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Bank of Japan governor Masaaki Shirakawa said on Thursday that he will not automatically link policy decisions to that of other central banks.


The Bank of Japan is bucking a trend among central banks by rejecting additional monetary stimulus in the face of the cooling global economy.

The Japanese central bank says more monetary juice simply isn't needed right now as a burst of post-tsunami reconstruction spending boosts a domestic economy that has sputtered for two decades.

Thursday's announcement surprised many analysts because Japan would seem like the perfect candidate for more easing. The high yen and the darkening outlook in Europe and elsewhere has hammered Japan's export-dependent economy and plunged the country into an uncharacteristic trade deficit.

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"The balance of domestic and external demand has shifted," Bank of Japan governor Masaaki Shirakawa acknowledged after the announcement. Yes, external demand is weaker, but domestic demand is picking up the slack, he said.

In fact, Mr. Shirakawa expects Japan to outperform most of its Group of Seven peers this year. In a new forecast released Thursday, the bank said the economy would grow 2.2 per cent this year.

That's better than the two per cent growth expected in Canada and the U.S. this year. Much of Europe is in recession.

In recent weeks, the People's Bank of China, the European Central Bank and the Bank of Korea have all moved to stimulate their economies.

But analysts warned not to read too much into the Bank of Japan's non-decision, or its forecast.

Japan's economy remains deeply troubled 20 years after a massive credit bubble burst, leaving the country's banking system in shambles. Consumer and corporate spending remains extremely weak and fragile.

The burst of infrastructure spending in tsunami-ravaged areas is good in the short-term. But longer term, the March, 2011, disaster, which killed more than 19,000 and temporarily shut down the country's nuclear reactors, will have profoundly negative consequences for Japan, argued Drummond Brodeur, portfolio manager and global strategist at Signature Global Advisors in Toronto.

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"The long-term damage from the earthquake is much more significant," Mr. Brodeur explained. "It's really going to accelerate the de-industrialization, the offshoring and the flow of investment outside the country."

Manufacturers are facing the prospect of sharply higher energy bills as nuclear power is replaced with electricity generated from expensive imported fuel. And there's the ever-present threat of more earthquakes, which is prompting customers to demand alternative sources of supply for key components, particularly in the auto and electronics industries.

"Japan has a shrinking work force. There's no net immigration. It will continue to be a museum," Mr. Brodeur pointed out.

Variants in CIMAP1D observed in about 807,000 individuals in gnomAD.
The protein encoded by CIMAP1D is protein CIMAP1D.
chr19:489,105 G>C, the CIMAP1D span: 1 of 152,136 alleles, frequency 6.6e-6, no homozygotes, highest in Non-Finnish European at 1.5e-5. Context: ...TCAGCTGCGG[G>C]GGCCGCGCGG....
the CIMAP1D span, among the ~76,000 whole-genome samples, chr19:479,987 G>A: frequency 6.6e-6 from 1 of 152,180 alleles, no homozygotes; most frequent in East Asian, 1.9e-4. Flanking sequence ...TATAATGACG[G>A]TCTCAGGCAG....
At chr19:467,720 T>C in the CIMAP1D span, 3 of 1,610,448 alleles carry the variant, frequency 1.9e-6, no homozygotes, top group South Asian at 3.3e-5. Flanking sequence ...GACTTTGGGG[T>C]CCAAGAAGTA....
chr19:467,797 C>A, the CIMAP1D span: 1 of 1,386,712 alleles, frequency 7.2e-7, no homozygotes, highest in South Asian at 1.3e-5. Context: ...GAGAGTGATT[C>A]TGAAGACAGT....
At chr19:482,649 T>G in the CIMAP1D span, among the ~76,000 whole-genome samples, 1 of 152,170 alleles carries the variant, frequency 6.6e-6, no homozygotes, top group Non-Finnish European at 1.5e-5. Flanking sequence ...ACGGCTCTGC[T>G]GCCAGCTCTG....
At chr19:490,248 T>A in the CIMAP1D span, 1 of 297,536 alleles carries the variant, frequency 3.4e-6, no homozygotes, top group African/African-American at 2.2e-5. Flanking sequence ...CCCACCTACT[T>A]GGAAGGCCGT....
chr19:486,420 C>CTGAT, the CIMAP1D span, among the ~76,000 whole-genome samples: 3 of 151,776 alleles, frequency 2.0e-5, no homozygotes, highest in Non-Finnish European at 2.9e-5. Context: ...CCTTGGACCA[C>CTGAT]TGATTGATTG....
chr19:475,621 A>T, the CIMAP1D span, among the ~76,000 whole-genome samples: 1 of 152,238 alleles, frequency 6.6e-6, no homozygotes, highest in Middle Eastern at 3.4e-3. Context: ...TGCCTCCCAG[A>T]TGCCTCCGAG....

Many Japanese companies aren't responding fast enough, choosing to hoard cash rather than accelerate overseas investment, he suggested.

The country has moved painfully slow to fix its banking system after a massive credit bust in the early 1990s. With the lending system in tatters, the government has filled the gap, with successive waves of stimulus spending. The result is a world-beating government debt-to-GDP ratio of more than 225 per cent – more than three times Canada's.

"Japan's problem is that it's been a very expensive country, that's lived very well," argued Dan Ciuriak, former deputy chief economist at Canada's Department of Foreign Affairs and International Trade and now a consultant. "But it's not a good place to do business."

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Many economists draw parallels between Japan and other heavily indebted countries, suffering the after-effects of burst credit bubbles, such as the United States and many European countries.

Japan had been able to manage its debt because it consistently runs a large current account surplus – the broadest measure of trade and investment flows, Mr. Ciuriak suggested. And unlike many other heavily indebted countries, the bulk of what it owes is to ordinary Japanese citizens, through the public pension system or deposits at the government-run postal service.

"The Japanese basically owe the debt to themselves," Mr. Ciuriak said.

How long Japan can comfortably take on more debt to keep its economy growing is a perennial question.

"That's got to be a temporary measure, not a 20-year measure, as it's been in Japan," Mr. Brodeur said.

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About the Author
National Business Correspondent

Barrie McKenna is correspondent and columnist in The Globe and Mail's Ottawa bureau. From 1997 until 2010, he covered Washington from The Globe's bureau in the U.S. capital. During his U.S. posting, he traveled widely, filing stories from more than 30 states. Mr. McKenna has also been a frequent visitor to Japan and South Korea on reporting assignments. More


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